The plan in which developers are given the opportunity to build private housing in exchange for renovating existing public housing has been heavily criticised for removing 700 public housing units without a proper plan to relocate them and for attempting to radically change the social mix of the area.

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The flaws in the second stage of the Built Environment Plan (BEP2) for the redevelopment of NSW housing sites in Redfern and Waterloo are indicative of a government that has no regard for public housing, according to the NSW upper house MP David Shoebridge.

The plan in which developers are given the opportunity to build private housing in exchange for renovating existing public housing, has been heavily criticised for removing 700 public housing units without a proper plan to relocate them and for attempting to radically change the social mix of the area.

REDWatch Spokesperson Geoffrey Turnbull doesn’t buy the social mix argument.

“The social mix thing is really the Trojan horse or the ideological argument as to why you need to do it, but really it’s driven by what makes the economics of the project work,” he said.

“The 60/40 figure is what they think they can get a developer to sign up to in a public/private partnership here that will make sense for the developer and give them what they can get out of it.”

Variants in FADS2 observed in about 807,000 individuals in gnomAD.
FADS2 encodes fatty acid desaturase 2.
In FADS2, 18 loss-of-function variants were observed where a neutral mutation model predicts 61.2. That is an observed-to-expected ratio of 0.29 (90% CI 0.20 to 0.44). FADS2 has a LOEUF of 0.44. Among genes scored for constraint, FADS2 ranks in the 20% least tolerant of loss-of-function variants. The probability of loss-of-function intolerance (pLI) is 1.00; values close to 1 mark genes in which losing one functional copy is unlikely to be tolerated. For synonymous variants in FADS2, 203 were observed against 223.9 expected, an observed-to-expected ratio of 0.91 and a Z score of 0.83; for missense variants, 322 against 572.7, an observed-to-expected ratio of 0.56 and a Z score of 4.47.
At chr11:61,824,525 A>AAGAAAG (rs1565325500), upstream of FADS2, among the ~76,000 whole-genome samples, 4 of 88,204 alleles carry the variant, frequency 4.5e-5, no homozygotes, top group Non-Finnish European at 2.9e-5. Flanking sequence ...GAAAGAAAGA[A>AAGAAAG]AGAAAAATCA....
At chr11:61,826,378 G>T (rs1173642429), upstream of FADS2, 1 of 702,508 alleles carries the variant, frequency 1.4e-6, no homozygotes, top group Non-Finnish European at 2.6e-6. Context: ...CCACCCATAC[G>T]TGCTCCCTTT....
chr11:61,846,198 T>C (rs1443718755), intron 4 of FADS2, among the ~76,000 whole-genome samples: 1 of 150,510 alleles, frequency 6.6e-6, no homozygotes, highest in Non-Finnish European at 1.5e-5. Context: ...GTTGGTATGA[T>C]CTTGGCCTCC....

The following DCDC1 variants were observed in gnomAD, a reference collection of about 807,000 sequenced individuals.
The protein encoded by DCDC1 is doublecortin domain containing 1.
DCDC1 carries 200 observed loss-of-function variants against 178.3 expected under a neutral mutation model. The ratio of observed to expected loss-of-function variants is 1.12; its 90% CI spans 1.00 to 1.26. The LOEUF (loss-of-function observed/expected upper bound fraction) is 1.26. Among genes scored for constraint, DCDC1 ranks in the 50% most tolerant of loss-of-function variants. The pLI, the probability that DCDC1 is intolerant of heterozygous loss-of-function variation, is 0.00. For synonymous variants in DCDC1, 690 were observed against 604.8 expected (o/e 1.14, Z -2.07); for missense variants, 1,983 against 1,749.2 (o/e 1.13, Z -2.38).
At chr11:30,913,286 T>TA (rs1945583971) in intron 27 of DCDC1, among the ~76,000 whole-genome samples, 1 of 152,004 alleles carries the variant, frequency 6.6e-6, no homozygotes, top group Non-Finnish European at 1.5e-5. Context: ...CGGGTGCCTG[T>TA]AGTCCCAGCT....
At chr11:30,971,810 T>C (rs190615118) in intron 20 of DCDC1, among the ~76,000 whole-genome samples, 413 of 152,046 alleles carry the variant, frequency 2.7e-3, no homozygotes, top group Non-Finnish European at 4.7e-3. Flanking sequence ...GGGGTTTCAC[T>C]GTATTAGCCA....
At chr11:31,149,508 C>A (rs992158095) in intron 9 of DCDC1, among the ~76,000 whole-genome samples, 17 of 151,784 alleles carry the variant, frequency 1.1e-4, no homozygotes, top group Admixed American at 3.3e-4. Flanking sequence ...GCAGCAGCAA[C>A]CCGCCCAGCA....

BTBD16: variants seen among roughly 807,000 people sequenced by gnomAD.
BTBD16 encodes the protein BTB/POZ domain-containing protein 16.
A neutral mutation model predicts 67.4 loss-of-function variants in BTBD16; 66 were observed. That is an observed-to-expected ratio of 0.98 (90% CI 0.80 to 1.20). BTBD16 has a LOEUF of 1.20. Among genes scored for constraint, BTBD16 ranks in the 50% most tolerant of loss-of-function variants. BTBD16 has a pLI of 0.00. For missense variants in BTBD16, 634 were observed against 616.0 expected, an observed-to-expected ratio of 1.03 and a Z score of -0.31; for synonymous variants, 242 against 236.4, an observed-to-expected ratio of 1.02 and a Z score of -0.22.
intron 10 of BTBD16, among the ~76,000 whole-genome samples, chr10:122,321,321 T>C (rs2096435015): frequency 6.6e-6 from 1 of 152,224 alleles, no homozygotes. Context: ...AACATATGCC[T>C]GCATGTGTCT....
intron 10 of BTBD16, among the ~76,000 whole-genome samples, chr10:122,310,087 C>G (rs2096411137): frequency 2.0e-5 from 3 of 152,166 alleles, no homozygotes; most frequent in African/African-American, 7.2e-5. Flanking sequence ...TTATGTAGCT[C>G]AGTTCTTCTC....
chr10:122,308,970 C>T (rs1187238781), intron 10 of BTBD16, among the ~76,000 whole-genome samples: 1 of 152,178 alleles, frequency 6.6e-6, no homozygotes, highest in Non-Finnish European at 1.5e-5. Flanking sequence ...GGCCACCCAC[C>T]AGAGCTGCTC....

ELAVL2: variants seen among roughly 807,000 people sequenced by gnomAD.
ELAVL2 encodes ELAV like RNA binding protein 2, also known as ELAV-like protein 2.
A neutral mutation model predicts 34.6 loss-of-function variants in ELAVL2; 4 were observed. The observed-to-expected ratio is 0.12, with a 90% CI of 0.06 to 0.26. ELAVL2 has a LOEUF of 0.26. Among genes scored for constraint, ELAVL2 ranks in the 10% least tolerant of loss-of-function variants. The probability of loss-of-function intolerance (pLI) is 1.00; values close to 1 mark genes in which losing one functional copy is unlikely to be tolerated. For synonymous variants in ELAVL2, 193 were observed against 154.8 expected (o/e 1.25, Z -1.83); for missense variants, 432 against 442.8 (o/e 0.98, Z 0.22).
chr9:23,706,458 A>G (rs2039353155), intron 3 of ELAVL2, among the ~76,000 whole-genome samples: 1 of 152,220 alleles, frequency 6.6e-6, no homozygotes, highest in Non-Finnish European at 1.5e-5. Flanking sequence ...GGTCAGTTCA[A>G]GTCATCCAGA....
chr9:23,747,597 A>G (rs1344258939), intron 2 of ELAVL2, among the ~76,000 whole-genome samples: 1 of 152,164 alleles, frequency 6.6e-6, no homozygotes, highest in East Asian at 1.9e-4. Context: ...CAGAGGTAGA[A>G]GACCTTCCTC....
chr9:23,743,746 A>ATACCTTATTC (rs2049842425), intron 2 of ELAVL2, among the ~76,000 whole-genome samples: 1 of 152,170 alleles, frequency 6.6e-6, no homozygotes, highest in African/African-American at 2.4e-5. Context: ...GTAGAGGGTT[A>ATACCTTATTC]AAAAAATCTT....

“The sort of indication that there is a social mix problem tends to be that property prices are depressed, you could not say this is the case in Redfern or Waterloo.”

Mr Turnbull said if you take into account the entire suburb, the social mix quota works out to be below what is required for a 60/40 split.

“We are [also] very suspicious about the 700 actually finding a home somewhere else in the city of Sydney,” he said.

“We don’t think the 700 should have to move out.”

75 per cent of submissions from the community opposed the plan.

Mr Turnbull is concerned the complex intersection between the policy, the planning controls and a federally funded master plan may result in privatisation and redevelopment of part of the project without the provision of more public housing and renovation of the high rises.

“In the absence of there being commitment from government to ensure that the high rises are renovated, in the absence of a decision that requires government funding, you could end up with the demolition of the low rise, the redistribution of those tenants across Sydney and the rest of public housing confined to the towers,” he said.

“REDWatch wants to see a comprehensive plan, without winners and losers, that works for the community and all the public tenants”

“The Greens are very much on the side of the community who are opposed to BEP2,” Mr Shoebridge said.

“We would hope that there would be a full review, a back to basics review, where we look at the whole of the Redfern-Waterloo community and don’t just isolate the public housing and we look at making the existing community work better,” he said.

“You don’t destroy a community based on cooked figures.”

By Jason Marshall